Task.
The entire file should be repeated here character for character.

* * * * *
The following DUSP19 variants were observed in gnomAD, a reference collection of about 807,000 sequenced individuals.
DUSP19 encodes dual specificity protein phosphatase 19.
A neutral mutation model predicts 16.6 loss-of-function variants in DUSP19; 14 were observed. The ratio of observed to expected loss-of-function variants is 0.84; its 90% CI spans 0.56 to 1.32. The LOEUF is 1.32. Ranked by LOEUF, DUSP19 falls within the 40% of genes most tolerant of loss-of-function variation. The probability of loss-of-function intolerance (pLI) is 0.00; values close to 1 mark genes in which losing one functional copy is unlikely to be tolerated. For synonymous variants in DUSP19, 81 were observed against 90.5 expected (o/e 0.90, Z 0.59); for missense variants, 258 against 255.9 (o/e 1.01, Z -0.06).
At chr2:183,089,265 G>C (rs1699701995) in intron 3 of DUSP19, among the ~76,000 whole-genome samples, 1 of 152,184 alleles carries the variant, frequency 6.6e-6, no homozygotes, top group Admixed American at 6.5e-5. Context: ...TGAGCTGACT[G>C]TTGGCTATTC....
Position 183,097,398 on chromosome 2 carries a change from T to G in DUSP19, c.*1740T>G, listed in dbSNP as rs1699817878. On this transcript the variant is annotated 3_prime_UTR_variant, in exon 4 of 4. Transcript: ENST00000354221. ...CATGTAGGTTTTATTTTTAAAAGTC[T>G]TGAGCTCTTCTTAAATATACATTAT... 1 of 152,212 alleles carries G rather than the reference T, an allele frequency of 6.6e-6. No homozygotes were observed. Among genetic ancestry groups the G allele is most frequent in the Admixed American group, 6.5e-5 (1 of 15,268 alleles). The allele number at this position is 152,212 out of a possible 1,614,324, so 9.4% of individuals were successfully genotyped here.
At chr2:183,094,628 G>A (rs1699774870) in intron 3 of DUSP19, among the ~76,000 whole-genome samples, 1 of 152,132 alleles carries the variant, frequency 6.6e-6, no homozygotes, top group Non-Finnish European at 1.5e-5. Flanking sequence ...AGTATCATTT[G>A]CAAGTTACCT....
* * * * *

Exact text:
The following DUSP19 variants were observed in gnomAD, a reference collection of about 807,000 sequenced individuals.
DUSP19 encodes dual specificity protein phosphatase 19.
A neutral mutation model predicts 16.6 loss-of-function variants in DUSP19; 14 were observed. The ratio of observed to expected loss-of-function variants is 0.84; its 90% CI spans 0.56 to 1.32. The LOEUF is 1.32. Ranked by LOEUF, DUSP19 falls within the 40% of genes most tolerant of loss-of-function variation. The probability of loss-of-function intolerance (pLI) is 0.00; values close to 1 mark genes in which losing one functional copy is unlikely to be tolerated. For synonymous variants in DUSP19, 81 were observed against 90.5 expected (o/e 0.90, Z 0.59); for missense variants, 258 against 255.9 (o/e 1.01, Z -0.06).
At chr2:183,089,265 G>C (rs1699701995) in intron 3 of DUSP19, among the ~76,000 whole-genome samples, 1 of 152,184 alleles carries the variant, frequency 6.6e-6, no homozygotes, top group Admixed American at 6.5e-5. Context: ...TGAGCTGACT[G>C]TTGGCTATTC....
Position 183,097,398 on chromosome 2 carries a change from T to G in DUSP19, c.*1740T>G, listed in dbSNP as rs1699817878. On this transcript the variant is annotated 3_prime_UTR_variant, in exon 4 of 4. Transcript: ENST00000354221. ...CATGTAGGTTTTATTTTTAAAAGTC[T>G]TGAGCTCTTCTTAAATATACATTAT... 1 of 152,212 alleles carries G rather than the reference T, an allele frequency of 6.6e-6. No homozygotes were observed. Among genetic ancestry groups the G allele is most frequent in the Admixed American group, 6.5e-5 (1 of 15,268 alleles). The allele number at this position is 152,212 out of a possible 1,614,324, so 9.4% of individuals were successfully genotyped here.
At chr2:183,094,628 G>A (rs1699774870) in intron 3 of DUSP19, among the ~76,000 whole-genome samples, 1 of 152,132 alleles carries the variant, frequency 6.6e-6, no homozygotes, top group Non-Finnish European at 1.5e-5. Flanking sequence ...AGTATCATTT[G>A]CAAGTTACCT....